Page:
The end of iTunes? Apple expected to announce music service closure

iTunes has been central for 18 years but perhaps will now hand over the reins to other apps.
Written by Charlie Osborne, Contributing Writer

As one of the first cohesive digital music and playlist management services, over the last 18 years, iTunes has established itself as a popular app on Apple devices.

However, years have flown by since the iPad and iPhone maker first launched the service, and now it may be time for iTunes to step back in favor of new, separate content applications.

The closure of iTunes, as reported by Bloomberg, is expected to make up part of the Keynote address undertaken by Apple CEO Tim Cook on Monday when he takes to the stage at Apple's annual Worldwide Developers Conference (WWDC) in San Jose, California.

This year's WWDC is expected to focus on Apple's desire to become an entertainment services and applications firm, rather than remaining focused on hardware in an increasingly competitive market.  

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It is possible that iTunes does not fit the firm's business model any longer as a central hub for music and content purchases, and so, Apple reportedly will unveil changes to the platform which include slicing up iTunes into three different applications: Music, TV, and Podcasts.

"That matches Apple's media app strategy on iPhones and iPads," Bloomberg says. "Without iTunes, customers can manage their Apple gadgets through the Music app."

The potential move makes sense. Our apps and content streaming services are becoming more streamlined, and these days, iTunes does seem clunky -- as well as being something of a memory hog.

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In comparison to rival music services such as Spotify, iTunes simply doesn't cut it. iTunes was built to allow users to rip music from their CDs and download music from legitimate sources rather than rely on P2P pirating, and as Apple shifts to subscription services and streaming, it makes sense to cut up iTunes into three separate revenue models.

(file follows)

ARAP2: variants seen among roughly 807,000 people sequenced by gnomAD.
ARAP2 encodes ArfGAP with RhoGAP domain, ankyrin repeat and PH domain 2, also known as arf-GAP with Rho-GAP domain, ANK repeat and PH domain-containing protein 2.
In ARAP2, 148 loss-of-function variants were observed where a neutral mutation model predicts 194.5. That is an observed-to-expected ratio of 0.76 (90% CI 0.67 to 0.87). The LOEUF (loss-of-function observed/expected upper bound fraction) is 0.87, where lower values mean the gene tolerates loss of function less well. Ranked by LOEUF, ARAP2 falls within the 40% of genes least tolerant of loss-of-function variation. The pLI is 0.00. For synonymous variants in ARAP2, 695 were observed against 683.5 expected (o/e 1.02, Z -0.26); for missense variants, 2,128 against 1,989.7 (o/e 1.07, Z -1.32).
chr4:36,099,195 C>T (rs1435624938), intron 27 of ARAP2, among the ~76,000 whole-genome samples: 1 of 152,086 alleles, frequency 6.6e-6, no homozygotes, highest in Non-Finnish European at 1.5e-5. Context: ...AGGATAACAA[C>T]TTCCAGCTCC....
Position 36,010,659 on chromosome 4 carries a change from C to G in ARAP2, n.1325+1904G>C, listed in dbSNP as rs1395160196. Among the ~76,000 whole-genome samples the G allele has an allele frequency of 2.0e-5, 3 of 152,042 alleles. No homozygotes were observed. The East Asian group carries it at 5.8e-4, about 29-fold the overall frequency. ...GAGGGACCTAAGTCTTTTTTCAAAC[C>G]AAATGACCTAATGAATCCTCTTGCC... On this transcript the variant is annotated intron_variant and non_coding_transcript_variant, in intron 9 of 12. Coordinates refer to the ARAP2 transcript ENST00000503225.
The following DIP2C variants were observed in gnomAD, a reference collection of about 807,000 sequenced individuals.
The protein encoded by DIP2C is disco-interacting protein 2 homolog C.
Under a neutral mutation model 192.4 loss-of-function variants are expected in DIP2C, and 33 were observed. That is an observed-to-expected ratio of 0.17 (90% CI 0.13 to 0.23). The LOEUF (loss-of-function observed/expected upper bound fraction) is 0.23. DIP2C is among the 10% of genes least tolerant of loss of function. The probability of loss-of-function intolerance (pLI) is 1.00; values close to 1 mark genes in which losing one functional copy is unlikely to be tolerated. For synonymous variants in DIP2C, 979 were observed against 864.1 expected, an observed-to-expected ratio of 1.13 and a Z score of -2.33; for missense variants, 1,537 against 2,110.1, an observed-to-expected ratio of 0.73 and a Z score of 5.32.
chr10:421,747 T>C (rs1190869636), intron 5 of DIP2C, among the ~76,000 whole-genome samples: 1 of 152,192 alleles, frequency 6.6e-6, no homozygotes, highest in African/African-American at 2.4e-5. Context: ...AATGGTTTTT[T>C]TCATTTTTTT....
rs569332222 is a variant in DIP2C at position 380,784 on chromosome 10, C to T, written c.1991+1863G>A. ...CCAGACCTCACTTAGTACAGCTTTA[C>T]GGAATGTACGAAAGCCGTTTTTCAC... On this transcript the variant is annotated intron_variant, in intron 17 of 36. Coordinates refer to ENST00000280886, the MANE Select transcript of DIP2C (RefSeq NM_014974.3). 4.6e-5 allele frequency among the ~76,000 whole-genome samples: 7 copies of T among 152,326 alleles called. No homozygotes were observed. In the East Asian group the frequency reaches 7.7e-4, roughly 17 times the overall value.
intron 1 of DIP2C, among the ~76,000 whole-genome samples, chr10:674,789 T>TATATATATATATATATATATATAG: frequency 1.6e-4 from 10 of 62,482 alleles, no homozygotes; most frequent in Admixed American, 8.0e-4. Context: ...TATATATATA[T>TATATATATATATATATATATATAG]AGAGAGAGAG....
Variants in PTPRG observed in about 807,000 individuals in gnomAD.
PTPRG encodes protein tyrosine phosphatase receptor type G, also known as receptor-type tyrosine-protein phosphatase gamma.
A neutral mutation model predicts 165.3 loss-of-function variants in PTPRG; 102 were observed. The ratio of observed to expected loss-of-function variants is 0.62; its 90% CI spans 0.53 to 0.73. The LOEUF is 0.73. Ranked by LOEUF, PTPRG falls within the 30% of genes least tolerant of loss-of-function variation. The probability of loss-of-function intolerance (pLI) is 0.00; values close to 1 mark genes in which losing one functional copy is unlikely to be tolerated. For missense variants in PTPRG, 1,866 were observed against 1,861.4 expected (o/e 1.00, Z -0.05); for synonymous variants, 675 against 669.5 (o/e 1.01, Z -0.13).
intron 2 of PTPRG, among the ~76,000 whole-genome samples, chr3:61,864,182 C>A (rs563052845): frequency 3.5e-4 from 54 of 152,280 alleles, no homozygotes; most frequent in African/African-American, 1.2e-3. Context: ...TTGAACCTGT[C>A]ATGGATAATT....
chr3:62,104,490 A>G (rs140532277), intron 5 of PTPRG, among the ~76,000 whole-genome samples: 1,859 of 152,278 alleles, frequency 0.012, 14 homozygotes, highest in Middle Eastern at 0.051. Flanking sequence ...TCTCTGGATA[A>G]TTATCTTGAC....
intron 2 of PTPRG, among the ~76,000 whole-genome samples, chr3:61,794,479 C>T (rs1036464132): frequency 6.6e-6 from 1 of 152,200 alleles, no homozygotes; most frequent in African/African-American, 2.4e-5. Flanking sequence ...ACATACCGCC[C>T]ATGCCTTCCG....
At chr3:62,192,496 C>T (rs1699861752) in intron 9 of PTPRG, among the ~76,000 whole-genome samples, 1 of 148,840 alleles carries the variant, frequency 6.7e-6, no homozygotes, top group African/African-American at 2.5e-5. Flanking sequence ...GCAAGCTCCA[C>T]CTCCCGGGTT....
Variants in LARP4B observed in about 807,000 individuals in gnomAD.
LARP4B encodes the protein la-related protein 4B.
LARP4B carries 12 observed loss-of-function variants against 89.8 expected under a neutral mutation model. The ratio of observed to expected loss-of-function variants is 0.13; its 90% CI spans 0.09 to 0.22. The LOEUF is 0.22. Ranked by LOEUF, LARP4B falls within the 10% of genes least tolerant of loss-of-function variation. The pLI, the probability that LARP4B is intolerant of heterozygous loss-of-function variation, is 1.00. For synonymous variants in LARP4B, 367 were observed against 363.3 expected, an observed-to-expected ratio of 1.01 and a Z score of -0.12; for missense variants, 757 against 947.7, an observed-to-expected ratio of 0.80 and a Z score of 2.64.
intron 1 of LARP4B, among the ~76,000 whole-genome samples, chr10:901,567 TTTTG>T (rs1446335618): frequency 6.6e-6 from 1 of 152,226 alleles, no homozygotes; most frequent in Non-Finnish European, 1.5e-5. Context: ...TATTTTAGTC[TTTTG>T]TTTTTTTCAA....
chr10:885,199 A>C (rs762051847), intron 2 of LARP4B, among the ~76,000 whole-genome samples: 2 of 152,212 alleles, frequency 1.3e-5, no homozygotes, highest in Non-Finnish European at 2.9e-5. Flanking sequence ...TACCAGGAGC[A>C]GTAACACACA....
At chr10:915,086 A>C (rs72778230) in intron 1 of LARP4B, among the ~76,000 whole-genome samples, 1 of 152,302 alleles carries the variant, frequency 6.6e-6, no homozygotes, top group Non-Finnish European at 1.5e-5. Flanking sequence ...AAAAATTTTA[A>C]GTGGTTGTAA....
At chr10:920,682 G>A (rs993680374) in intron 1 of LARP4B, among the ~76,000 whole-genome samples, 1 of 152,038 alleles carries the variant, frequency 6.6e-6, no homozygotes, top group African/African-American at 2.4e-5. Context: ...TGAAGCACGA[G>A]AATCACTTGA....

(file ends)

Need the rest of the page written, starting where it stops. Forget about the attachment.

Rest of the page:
The looming closure has been rumored since the launch of Apple Music in 2015, and with the creation of a music subscription service, iTunes' download model has not kept up with the times.

Apple Music has roughly 56 million subscribers worldwide, in comparison to over 100 million supported by Spotify.

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Retiring the platform and making it easier for customers to consume media without having to access the single iTunes hub is one part of the puzzle, but developers, too, need to be considered.

To help facilitate the shift, developers will also receive a set of new iOS app tools at WWDC. These tools will help developers create iOS apps for Mac and desktop systems, which in turn will help create a unified front towards apps, with the overall goal being improving app compatibility and cohesion across the entire iOS ecosystem.

A new Apple Watch or iPhone is not expected at this year's WWDC. However, Apple often showcases some form of device at the conference, and this years' may reportedly be a new MacBook Pro model. 

Apple is also expected to overhaul a range of apps and to bring out new augmented reality features in ARKit. 

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